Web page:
When you call 999, an operator will ask you which emergency
service you need. In a medical emergency, ask for the ambulance
What information will I need when I call
You will need to have the following information available when
you call 999:
- The address where you are, including the postcode.
- The phone number you are calling from.
- What has happened.
As soon as we know where you are, we can send help to you. You
will also be asked to give some extra information, including:
- The patient's age, sex and medical history;
- Whether the patient is conscious, breathing and if there is any
bleeding or chest pain; and
- Details of the injury and how it happened.
Answering these questions will not delay us, but it will help us
give you important first aid advice while our staff are on their
The extra information also helps us to make sure that we send
the most appropriate help to you.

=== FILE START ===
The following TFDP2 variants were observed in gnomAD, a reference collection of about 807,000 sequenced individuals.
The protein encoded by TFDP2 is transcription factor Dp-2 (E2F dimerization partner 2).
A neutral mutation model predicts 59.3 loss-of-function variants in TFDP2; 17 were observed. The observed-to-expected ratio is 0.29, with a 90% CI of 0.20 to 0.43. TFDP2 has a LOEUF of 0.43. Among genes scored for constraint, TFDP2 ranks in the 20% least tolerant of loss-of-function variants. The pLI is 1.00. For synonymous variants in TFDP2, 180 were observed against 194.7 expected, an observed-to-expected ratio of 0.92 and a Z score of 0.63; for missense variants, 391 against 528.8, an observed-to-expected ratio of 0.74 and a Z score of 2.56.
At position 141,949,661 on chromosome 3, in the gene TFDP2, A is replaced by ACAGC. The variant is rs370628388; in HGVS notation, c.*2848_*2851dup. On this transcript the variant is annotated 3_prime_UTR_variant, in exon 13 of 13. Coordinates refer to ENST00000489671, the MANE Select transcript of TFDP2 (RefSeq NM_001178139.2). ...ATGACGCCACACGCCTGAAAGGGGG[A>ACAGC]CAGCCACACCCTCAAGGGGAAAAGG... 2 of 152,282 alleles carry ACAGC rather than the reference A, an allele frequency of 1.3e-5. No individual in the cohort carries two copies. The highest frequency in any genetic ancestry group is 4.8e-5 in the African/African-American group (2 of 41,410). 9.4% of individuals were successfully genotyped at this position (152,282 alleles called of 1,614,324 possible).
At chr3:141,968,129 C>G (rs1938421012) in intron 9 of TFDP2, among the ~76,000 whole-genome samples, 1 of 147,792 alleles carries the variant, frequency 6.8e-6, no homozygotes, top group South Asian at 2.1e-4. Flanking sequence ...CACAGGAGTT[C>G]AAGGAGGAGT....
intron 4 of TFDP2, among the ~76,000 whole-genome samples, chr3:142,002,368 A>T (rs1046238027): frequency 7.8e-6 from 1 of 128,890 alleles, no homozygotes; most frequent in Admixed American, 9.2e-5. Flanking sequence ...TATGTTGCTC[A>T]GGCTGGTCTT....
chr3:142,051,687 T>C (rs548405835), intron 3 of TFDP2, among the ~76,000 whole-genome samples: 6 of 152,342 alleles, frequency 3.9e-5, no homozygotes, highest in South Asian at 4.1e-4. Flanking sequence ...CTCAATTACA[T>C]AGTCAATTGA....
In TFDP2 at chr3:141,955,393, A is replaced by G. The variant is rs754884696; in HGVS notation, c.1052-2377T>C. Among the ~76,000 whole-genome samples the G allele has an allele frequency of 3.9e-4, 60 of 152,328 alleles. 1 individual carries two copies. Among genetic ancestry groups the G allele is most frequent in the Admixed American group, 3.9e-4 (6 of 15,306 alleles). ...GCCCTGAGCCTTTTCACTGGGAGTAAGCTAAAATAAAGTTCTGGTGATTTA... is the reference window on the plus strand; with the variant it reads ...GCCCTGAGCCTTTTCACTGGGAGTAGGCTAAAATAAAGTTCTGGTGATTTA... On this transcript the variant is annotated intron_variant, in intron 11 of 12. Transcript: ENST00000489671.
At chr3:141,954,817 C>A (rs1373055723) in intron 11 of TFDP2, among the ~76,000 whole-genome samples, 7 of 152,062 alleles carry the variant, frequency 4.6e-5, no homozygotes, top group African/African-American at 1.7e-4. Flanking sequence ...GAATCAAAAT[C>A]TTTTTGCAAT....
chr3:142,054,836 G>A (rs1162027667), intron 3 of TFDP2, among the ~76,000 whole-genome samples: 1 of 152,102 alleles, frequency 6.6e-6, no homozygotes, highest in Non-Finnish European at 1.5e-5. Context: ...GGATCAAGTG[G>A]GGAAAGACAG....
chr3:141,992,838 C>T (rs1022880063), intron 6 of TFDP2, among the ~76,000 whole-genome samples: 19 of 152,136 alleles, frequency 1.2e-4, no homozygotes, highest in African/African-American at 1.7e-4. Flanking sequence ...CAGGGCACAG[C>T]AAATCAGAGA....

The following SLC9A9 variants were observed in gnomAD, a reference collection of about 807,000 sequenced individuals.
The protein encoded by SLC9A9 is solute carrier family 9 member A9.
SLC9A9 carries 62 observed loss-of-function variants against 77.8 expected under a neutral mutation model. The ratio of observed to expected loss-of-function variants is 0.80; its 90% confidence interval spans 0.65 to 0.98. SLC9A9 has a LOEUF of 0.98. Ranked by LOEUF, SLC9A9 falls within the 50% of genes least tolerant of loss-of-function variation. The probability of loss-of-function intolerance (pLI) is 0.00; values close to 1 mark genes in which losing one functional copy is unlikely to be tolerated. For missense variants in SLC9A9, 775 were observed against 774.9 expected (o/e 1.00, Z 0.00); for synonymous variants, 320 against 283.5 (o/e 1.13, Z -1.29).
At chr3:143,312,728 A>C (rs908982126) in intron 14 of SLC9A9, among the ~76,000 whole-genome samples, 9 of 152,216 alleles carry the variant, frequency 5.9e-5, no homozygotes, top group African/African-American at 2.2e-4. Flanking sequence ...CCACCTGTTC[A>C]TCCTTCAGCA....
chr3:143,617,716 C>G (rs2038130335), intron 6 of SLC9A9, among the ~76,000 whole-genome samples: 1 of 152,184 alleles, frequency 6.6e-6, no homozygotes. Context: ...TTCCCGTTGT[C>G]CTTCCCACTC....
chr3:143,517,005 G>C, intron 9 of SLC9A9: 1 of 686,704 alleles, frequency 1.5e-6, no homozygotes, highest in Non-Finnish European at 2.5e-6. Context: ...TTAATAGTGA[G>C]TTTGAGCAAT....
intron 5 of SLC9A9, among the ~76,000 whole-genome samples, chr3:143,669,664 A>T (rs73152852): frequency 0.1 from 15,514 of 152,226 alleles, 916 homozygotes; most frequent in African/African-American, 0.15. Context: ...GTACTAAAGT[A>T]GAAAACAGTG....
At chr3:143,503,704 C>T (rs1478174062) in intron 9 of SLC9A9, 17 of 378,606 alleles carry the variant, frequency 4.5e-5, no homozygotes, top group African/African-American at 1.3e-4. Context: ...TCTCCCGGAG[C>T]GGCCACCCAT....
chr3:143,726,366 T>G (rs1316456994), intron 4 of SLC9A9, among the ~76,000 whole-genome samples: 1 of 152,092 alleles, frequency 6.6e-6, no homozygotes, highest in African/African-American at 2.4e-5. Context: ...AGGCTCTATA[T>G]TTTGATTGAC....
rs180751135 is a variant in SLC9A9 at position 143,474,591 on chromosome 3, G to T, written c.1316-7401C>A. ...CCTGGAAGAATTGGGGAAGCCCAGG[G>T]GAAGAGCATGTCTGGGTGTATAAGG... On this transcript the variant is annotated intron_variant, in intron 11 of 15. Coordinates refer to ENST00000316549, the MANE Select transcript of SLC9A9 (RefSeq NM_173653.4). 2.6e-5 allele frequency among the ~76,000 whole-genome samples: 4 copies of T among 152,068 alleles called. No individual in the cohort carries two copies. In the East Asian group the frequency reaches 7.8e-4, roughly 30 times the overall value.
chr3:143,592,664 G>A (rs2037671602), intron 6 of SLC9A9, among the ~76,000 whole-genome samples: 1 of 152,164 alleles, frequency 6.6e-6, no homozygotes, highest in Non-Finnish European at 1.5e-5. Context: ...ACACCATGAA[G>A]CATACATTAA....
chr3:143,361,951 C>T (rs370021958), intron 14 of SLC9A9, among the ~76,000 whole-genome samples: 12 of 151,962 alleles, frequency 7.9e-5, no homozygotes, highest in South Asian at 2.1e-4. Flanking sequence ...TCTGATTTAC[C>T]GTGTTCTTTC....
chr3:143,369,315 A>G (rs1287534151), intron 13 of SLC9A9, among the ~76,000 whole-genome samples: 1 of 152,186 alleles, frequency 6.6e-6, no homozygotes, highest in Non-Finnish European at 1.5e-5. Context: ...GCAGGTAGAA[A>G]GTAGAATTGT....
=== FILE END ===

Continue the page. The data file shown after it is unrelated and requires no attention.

What can I do before help arrives?
Before we arrive, you can help us by doing the following:
- If you are in the street, stay with the patient until help
- Call us back if the patient's condition changes.
- Call us again if your location changes.
- If you are calling from home or work, ask someone to open the
doors and signal where the ambulance staff are needed.
- Lock away any family pets.
- If you can, write down the patient's GP details and collect any
medication that they are taking.
- Tell us if the patient has any allergies.
- Stay calm, our staff are there to help. Violence or threatening
behaviour aimed at them will not be tolerated and could delay help
getting to the patient.
How can I be prepared for an emergency?
There are things you can do today to help us in the future.
- Check that your house number can be seen from the road.
- If you live on an estate, check there
is a clear sign to direct emergency services and that all lifts are
You should use the NHS 111 service if you urgently need medical
help or advice but it's not a life-threatening situation.
You should call 111 if:
For less urgent health needs you should still contact your GP in
the usual way.
For immediate, life-threatening emergencies,
continue to call 999.